Start Submission Become a Reviewer

Reading: Anticipatory Care Planning in Scotland

Download

A- A+
Alt. Display

Conference Abstracts

Anticipatory Care Planning in Scotland

Authors:

Stuart Cumming ,

Janette Barrie,

Mandy Andrew

Abstract

Background: Innovative work is being undertaken across Scotland to reshape delivery of care. Effective Anticipatory Care Planning (ACP) is key to ensuring optimal delivery of an appropriate and sustainable model of health and care. This is supported through the use of information sharing technology, the Key Information Summary (KIS), to communicate across the primary and acute care interface.

The initiative is aligned with the NHS Quality Strategy for Scotland, the 2020 vision and the National Health and Wellbeing Outcomes supporting Health and Social Care integration.

At a time of significant change and challenge within our healthcare system there is a need to ensure provision of safe, high quality services at home or in a homely setting for people with disabilities, long term conditions or multiple morbidities. This is achievable by developing a robust community infrastructure with capacity and capability to optimise care and quality of life and manage more people more independently out of hospital.

ACP is a person-centred, proactive, “thinking ahead” approach, requiring services and professionals to work with individuals and their carers to set personal goals ensuring the right thing is done at the right time by the right person with the right outcome. ACP evolves reflecting the individual’s situation and requires a supportive whole-system infrastructure to ensure delivery of positive outcomes. ACP provides opportunities to improve health literacy and understand personal health and care issues, circumstances and outcomes, enabling informed decision-making and expression of preferences.

The work responds to the challenge of providing care for an ageing population with increasing prevalence of long term conditions and multiple morbidities. Currently, in Scotland, 80% of individuals admitted to hospital are over 75 years. 30% of admissions could potentially be avoided through mainstreaming an ACP approach supported by a model providing appropriate case management, interventions close to home, signposting, access to supported self management, local intermediate care, enablement and rehabilitation.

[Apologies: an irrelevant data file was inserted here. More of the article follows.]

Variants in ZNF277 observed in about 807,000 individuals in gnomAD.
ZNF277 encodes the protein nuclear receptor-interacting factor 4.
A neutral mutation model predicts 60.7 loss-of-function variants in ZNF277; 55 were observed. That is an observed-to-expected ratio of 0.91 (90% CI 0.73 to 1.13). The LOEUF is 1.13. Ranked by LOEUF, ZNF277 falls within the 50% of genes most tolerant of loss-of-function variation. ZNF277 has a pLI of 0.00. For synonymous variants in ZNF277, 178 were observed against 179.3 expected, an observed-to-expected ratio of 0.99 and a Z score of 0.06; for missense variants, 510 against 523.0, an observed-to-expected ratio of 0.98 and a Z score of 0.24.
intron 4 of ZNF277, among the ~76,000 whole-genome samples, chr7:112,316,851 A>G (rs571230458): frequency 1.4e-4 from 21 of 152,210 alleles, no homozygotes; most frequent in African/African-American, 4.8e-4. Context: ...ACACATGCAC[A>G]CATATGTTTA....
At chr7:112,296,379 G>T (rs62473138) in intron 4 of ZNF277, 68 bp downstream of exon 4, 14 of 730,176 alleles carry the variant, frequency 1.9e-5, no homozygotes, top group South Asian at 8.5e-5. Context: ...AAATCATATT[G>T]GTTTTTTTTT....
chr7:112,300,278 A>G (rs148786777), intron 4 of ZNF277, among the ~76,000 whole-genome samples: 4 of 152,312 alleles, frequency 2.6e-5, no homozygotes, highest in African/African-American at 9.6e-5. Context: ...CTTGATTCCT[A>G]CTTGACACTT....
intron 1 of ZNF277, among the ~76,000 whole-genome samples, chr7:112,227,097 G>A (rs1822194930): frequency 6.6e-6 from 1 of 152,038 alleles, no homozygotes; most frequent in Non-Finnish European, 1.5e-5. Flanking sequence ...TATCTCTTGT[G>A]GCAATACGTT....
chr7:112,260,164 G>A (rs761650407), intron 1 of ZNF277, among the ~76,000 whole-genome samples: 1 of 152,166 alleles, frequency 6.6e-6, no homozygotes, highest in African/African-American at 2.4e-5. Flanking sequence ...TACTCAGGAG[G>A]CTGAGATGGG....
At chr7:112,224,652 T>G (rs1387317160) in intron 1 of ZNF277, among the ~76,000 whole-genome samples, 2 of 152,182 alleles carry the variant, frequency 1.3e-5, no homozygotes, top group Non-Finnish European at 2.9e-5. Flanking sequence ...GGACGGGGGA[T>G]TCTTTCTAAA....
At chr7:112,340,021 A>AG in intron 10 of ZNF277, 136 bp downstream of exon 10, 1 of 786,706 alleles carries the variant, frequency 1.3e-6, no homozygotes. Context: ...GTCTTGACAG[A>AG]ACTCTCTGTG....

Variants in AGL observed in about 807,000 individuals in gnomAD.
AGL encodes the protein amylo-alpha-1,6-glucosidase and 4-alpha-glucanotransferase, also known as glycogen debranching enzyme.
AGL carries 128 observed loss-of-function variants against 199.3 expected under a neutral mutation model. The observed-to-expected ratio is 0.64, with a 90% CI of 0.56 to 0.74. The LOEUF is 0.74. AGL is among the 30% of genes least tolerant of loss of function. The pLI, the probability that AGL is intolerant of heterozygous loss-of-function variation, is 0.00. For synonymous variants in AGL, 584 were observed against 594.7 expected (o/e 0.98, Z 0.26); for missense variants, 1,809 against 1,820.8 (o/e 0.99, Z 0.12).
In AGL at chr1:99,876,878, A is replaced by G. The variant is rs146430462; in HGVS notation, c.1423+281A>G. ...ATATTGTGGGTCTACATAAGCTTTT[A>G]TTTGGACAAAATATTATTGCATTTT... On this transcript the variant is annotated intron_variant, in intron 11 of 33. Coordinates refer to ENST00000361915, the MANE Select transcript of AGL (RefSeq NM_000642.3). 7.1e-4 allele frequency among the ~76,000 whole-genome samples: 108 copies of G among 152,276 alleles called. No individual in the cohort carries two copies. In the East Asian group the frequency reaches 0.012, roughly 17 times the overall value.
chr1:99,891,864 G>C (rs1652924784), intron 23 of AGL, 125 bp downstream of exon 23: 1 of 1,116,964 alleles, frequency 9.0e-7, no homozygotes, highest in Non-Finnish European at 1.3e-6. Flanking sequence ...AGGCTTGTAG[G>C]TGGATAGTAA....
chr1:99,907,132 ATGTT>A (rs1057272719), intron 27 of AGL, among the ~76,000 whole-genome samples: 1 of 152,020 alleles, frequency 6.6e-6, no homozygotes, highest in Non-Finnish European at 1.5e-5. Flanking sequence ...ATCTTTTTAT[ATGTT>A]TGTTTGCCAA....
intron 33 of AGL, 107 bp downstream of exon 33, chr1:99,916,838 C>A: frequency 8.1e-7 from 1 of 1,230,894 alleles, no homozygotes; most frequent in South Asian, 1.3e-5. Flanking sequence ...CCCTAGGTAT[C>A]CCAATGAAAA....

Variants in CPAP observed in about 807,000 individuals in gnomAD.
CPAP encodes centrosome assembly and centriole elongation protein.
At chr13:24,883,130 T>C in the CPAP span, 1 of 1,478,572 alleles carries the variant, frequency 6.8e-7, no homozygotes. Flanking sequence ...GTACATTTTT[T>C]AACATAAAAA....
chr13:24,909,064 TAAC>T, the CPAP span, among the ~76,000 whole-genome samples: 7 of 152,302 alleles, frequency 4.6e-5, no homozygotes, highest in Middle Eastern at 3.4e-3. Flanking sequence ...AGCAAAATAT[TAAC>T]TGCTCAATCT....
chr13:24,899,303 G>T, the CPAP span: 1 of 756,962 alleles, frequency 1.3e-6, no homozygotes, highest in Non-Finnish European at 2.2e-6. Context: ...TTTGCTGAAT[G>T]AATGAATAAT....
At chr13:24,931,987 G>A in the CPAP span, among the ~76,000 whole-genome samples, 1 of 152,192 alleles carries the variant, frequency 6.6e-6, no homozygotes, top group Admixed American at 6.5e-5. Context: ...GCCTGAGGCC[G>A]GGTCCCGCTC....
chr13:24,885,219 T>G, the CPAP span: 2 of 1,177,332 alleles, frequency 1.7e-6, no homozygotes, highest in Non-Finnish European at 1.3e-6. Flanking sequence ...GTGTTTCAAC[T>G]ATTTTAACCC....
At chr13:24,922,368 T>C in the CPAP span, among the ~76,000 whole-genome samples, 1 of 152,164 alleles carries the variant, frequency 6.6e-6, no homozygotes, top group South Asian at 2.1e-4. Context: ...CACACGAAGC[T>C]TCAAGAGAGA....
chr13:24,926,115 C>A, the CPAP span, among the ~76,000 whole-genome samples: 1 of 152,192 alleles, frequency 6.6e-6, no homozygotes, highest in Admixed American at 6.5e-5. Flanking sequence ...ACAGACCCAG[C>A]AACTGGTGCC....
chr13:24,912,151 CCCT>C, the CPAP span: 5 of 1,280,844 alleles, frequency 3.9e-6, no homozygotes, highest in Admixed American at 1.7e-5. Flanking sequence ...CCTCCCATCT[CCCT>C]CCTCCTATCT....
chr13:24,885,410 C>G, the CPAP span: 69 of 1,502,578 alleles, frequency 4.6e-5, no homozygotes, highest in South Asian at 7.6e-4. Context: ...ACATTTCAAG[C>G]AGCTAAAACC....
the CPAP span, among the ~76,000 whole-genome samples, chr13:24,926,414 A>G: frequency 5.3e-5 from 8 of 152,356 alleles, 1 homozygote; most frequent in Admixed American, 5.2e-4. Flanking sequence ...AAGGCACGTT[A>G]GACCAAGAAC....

Planning and improvement: A cross-sector *Anticipatory Care Planning Task and Finish Group* aligned with the *Living Well in Communities (LWIC)* initiative has developed a National Action Plan to support implementation of ACP principles across Scotland over two years to deliver best-model, person-centred care close to home with consequent reduction in avoidable hospital admissions and bed days.

The National Action Plan: has been informed by continuous improvement work over the last decade to implement principles outlined by Kerr (2005) and learning from improvement through collaboration on reshaping care for long term conditions and multi-morbidities supported by local best practice initiatives.

Population stratification estimates that 5-6% of the population could potentially benefit from ACP. Vulnerable individuals should be identified and offered interventions in a timely way to enable informed choice and ensure optimise outcomes. ACP triggers based on situation, condition and assessment support ACP initiation. Triggers include falls, which account for 10% of unplanned admissions, polypharmacy and dementia.

2% of the population, (high-resource individuals), utilise 77% of hospital inpatient days and 50% of combined prescribing resources. There is potential to improve efficiency through collaborative work for this group.

Primary Drivers: The National ACP Action Plan focusses on 3 Primary Drivers (below) developed through extensive scoping work, improvement methodology informed by logic modelling and consultation with a wide range of stakeholders and service users.

1. Awareness-raising with public, services and organisations to embed ACP within each Locality to help those with multiple morbidities and ensure delivery of locally accessible services for those with most complex needs.

2. Carer support must be prioritised alongside ACP.

3. Provision of consistent ACP material to support individuals and appropriate information sharing between professionals to support collaborative work.

The Key Information Summary (KIS) currently hosted on the GP IT system enables eACP access. Following successful pilot work, engagement with General Practice and Primary Care has been established by integrating KIS and ACP with the Quality and Safety Domain of the GP Contract QOF. In Year One, 151,641 individuals (3.2% of the population) had a KIS. Through partnership working KIS is accessible to unscheduled care services including NHS 24, Out of Hours, Emergency Department and hospital front door resulting in 3.32m KIS accesses/annum outside general practice. 81% KIS contain information considered valuable to informing appropriate interventions. Ongoing work is focussed on evolution of KIS to enable greater accessibility and cross sector working.

Further improvement will also include an organisational scoping exercise, tests of change, learning needs analysis and developing an identifiable single “branded” Scottish ACP and national role out of a whole-system ACP model co-ordinated through a national ACP Partnership Network and communication strategy. 

How to Cite: Cumming S, Barrie J, Andrew M. Anticipatory Care Planning in Scotland. International Journal of Integrated Care. 2016;16(6):A259. DOI: http://doi.org/10.5334/ijic.2807
1432
Views
716
Downloads
Published on 16 Dec 2016.

Downloads

  • PDF (EN)

    comments powered by Disqus